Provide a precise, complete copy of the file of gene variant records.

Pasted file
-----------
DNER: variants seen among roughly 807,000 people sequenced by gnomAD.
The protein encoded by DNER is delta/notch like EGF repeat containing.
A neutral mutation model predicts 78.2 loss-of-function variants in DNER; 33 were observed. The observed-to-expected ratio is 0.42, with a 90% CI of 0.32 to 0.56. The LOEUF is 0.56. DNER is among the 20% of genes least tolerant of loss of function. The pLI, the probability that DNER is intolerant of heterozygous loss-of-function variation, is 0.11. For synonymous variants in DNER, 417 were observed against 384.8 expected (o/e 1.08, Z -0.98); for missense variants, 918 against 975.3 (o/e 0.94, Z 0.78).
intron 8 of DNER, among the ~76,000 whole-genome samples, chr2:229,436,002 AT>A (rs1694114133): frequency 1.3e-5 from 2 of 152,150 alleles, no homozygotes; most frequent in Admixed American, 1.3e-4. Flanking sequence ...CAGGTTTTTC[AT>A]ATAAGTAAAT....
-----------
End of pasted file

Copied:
DNER: variants seen among roughly 807,000 people sequenced by gnomAD.
The protein encoded by DNER is delta/notch like EGF repeat containing.
A neutral mutation model predicts 78.2 loss-of-function variants in DNER; 33 were observed. The observed-to-expected ratio is 0.42, with a 90% CI of 0.32 to 0.56. The LOEUF is 0.56. DNER is among the 20% of genes least tolerant of loss of function. The pLI, the probability that DNER is intolerant of heterozygous loss-of-function variation, is 0.11. For synonymous variants in DNER, 417 were observed against 384.8 expected (o/e 1.08, Z -0.98); for missense variants, 918 against 975.3 (o/e 0.94, Z 0.78).
intron 8 of DNER, among the ~76,000 whole-genome samples, chr2:229,436,002 AT>A (rs1694114133): frequency 1.3e-5 from 2 of 152,150 alleles, no homozygotes; most frequent in Admixed American, 1.3e-4. Flanking sequence ...CAGGTTTTTC[AT>A]ATAAGTAAAT....